The Turbocharged 2.7-Liter Chevrolet Silverado Shows Just How Far Truck Engines Have Come

We’ve said it many times before in the TFLtruck office: pickups trucks and V8s go together like peanut butter and jelly. Since their very inception, trucks have historically housed V8 engines. Up until the 1990s and 2000s, it was truly bizarre to put anything other than a great big American V8 in a full-size pickup. Well, perhaps with the exception of a straight six.

But times, they are a-changing. It started with the V6s. Ford’s EcoBoost in particular popularized the trend of removing cylinders and adding turbos in the truck world. That engine – in 2.7 and 3.5-liter forms, has been an enormous hit for Ford. Now, the company only expects one-in-four F-150s sold to have a 5.0-liter Ti-VCT V8. Chevrolet just took that strategy and pushed it even further with the surprise introduction of a gasoline-powered 2.7-liter turbocharged four-cylinder gas engine – the first of its kind for a full-size pickup.

Why Make the Change?

There are two reasons that trucks used V8s for such a long time. For one, trucks are all about numbers. Frankly, anything less than a V8 wasn’t potent enough to keep up with the demands of truck owners. Furthermore, fuel economy was not as much of a concern as it is today. What’s mind-boggling to us about this new engine is the fact that they have been able to extract so much power from this engine. Back in the ’90s, the Toyota T-100 had also had a 2.7L four-cylinder, although it was much smaller than today’s half-ton offerings. It only developed 150 horsepower and 177 lb-ft of torque. This 4-cylinder turbo from Chevy is the same size, yet it manages to produce twice as much horsepower (310 hp) and torque (348 lb-ft). For perspective, Chevy’s 5.3-liter V8 makes 355 horsepower and 383 lb-ft of torque. There’s just 45 horsepower and 35 lb-ft of torque separating the two engines. Impressive. Unfortunately, we don’t know anything about fuel economy yet, but our expectations are that it will be more efficient than the rest of Chevy’s current engine lineup. Although the 3.0-liter Duramax diesel on offer in the new Silverado may come close.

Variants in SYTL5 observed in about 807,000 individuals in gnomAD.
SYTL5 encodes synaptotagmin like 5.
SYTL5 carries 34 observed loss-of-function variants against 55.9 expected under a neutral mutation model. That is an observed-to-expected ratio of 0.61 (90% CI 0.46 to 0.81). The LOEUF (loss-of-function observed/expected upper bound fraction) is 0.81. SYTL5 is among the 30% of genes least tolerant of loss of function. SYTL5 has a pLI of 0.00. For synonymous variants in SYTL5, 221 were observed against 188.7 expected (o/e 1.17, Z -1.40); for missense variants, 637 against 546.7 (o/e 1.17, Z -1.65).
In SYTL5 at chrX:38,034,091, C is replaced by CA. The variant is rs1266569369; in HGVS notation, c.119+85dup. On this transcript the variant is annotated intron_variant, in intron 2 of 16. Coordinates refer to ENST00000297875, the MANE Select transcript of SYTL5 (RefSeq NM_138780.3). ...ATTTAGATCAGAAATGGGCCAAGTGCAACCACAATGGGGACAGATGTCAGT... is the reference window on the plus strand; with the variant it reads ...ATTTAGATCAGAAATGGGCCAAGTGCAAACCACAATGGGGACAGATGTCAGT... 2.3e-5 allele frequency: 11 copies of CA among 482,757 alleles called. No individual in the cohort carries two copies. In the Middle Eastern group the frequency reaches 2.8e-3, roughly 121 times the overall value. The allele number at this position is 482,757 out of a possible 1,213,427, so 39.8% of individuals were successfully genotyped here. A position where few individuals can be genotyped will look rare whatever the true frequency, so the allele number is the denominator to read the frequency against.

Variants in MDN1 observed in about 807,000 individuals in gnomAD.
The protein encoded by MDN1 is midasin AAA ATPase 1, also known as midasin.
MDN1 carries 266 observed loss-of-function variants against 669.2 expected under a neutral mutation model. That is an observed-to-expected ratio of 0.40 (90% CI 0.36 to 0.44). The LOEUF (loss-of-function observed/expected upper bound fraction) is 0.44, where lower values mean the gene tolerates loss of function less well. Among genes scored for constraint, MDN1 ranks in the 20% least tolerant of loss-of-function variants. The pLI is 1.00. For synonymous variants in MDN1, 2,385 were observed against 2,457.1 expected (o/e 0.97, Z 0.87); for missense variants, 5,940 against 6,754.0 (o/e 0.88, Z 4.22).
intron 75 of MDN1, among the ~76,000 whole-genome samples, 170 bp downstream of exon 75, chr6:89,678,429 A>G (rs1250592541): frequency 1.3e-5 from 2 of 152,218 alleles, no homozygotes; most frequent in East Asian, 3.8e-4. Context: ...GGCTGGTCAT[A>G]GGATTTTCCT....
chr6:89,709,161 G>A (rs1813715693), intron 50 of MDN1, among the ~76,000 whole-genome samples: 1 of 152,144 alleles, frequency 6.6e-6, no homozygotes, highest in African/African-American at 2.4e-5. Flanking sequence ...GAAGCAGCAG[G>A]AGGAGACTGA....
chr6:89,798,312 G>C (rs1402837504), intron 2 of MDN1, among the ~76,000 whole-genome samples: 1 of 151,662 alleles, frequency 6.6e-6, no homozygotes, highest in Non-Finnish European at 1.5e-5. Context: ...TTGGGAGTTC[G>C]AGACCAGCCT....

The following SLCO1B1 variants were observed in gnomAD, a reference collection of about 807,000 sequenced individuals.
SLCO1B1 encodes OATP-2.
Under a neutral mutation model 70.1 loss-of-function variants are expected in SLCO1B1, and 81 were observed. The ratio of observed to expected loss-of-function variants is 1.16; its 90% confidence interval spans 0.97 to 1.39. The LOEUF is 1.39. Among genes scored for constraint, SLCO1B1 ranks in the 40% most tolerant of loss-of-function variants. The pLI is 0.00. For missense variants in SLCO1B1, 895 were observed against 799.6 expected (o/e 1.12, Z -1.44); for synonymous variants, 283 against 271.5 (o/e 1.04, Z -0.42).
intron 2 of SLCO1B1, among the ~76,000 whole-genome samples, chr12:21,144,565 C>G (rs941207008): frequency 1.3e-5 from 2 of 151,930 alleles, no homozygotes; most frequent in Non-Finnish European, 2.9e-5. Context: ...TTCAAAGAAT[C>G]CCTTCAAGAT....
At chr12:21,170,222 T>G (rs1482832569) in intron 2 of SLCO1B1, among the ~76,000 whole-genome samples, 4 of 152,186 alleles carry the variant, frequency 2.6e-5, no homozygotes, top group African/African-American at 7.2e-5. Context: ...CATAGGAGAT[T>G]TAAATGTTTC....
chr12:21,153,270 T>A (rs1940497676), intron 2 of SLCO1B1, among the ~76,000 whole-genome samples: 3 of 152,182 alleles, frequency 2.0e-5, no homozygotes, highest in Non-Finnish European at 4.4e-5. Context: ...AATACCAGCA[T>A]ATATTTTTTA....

Will it find success?

In 2011, its first year on sale, The F-150 EcoBoost covered about 35% of F-150 sales in the U.S. Seven years later, that number is up around 65%. This begs the question, will Chevy’s four-cylinder turbo garner the same rapid success? Chevy thinks that the turbo engine will snag roughly 10% of Silverado 1500 sales initially. Perhaps that number will grow with time. The 2.7-liter engine will be standard equipment on the LT and RST trim levels of the 2019 Silverado 1500. It comes paired with an 8-speed automatic transmission. The truck should hit dealerships later this year, with no delay for the new engine.

Will this new engine find success like the EcoBoost did? Are more trucks going to see smaller engines? Let us know what you think in the comments below!

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